The way he tucks his little arms under his belly and scoots his butt up into the air just oozes innocence I sometimes forget when they're pulling out each other's hair by the root fighting over who gets to play with the fire truck.

So I guess two sounds mighty old to me but truly is just the beginning of the sand dropping in the metaphorical hour glass. So cheers to that little bit of sand that's dropped for you dear Peyton, so for all the 723 days that passed us by I'll just tuck them away for now, and hold on tight until they too are just other faded memories of yesterday.

Tuesday, November 10

Uh-uh, no he didn't.

In a recent effort to dumbfound their parents, both Mason and Peyton have picked up the pace a bit in the world defining toddlers.

Last week I sadly regretted leaving Peyton for five minutes too long while I threw the wash into the dryer downstairs as he remained seated in his chair at the kitchen table. Jason always warns me that Peyton is a Jason-in-the-making kind of kid. My husband, who was not your run of the mill little boy, turned every one of his parents' hairs gray by the time he turned 18 months. No, no, I say-- Peyton has a smile that will melt you in 2.8 seconds if you ask him if the whelt on his big brother's back came from his tiny little fist.

So back from the laundry room I came, and there was that little smile again. He already has his gig down pat. As I slowly walked up the steps I peered at his heartbreaking smile and I swore he batted his eyelashes a few times, something he may have learned from his father. Sitting between his tiny hands was my mug. Full of coffee. That he retrieved off of the table with his disproportionately long arms, also something he inherited from dad. Good for basketball. Bad for reaching anything without his name on it.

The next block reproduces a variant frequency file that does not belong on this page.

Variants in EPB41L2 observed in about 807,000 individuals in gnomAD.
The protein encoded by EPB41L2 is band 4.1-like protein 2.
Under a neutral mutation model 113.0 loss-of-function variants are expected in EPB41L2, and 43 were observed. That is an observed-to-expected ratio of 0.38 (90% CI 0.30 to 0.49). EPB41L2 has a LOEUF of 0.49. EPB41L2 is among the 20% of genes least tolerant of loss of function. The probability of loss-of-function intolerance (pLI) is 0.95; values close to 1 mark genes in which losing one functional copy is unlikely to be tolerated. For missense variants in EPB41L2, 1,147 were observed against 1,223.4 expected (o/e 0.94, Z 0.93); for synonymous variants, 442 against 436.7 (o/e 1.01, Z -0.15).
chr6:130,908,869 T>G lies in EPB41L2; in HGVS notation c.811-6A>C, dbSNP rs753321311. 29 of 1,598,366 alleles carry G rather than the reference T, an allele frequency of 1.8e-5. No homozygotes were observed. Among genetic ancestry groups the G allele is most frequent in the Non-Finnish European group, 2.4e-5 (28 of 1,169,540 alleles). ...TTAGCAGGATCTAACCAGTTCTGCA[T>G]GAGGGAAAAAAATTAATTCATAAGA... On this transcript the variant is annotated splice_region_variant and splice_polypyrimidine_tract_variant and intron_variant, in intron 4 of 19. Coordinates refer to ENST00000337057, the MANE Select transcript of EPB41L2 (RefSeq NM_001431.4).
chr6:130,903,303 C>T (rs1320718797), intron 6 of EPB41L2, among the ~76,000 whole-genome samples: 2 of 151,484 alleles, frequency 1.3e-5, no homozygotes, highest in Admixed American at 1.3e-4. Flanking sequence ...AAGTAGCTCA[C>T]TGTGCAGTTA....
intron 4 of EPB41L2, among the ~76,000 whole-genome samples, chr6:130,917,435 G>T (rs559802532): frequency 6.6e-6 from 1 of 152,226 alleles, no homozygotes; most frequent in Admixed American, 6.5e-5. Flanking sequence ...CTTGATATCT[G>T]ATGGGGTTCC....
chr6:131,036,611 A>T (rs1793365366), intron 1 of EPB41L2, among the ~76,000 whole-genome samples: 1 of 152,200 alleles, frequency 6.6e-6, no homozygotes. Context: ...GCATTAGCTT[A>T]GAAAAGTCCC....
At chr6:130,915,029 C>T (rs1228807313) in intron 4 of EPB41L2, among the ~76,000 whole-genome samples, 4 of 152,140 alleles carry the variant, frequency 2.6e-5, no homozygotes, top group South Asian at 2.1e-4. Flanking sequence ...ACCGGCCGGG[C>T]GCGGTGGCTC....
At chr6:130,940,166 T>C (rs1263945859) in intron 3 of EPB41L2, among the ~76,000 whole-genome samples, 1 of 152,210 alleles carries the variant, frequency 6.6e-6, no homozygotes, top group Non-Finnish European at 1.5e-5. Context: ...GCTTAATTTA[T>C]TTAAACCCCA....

"Maaaaaamee! Yook it's cooopee!"

No, buddy, you finished that mug of coffee. Bone dry it was. All that remained of my Peppermint Mocha Cream with a touch of Columbian fresh ground coffee was the trace amount on Peyton's upper lip. He was a little wind-up toy well past lunch. Lesson from Peyton: keep ALL beverages at unattainable heights until he has entered into college.

The second mini-lesson was merely a vicarious experience through Jason a day later. Thank God.

Mason, the potty training guru of the house has become, well, stagnant in his porcelin throne degree. The process is difficult for all parties involved, it goes without saying. Often by evening hours Jason takes reign of the duties if you will.

Not surprisingly, Mason was reluctant that evening and so Jason took the wee one upstairs. I secretly smiled at the bickering I heard overhead thankful that I was not in the potty tantrum whirlwind at that moment. More screaming from Mason resisting. More retorting back from Jason. He tried calming Mason. He tried raising his voice. Rewards. He conceded to stay in the bathroom all night if need be.

Then, "MASON, what are you doing?!" More crying. Then silence. Toilet flushed. Out scampered Mason's little feet so fast I'm certain he left a trail of smoke in his path downstairs to me. It reminded me of the same fearful expression I would see on my dog's face when he did something like, oh I don't know, pee on the carpet.

Jason came thundering down the steps next muttering something under the paper towel he was blotting upon his face.

"Huh?" I asked.

"Pee! He peed on me! No I mean he really peed on me," almost as if I couldn't understand just exactly what that entailed he continued. "I said 'Relax Mason,' and he leaned back on the seat, screaming and crying, and out came the pee. On my clothes, on the floor, and as I yelled at him in response it... it went in... my... mouth!" Lesson from Mason: face masks may be an upcoming trend for swine flu prevention, but also for deflecting the offshoot of my wayward potty trainer.

Lesson three: never doubt what a toddler can consume or what they can regrettably serve.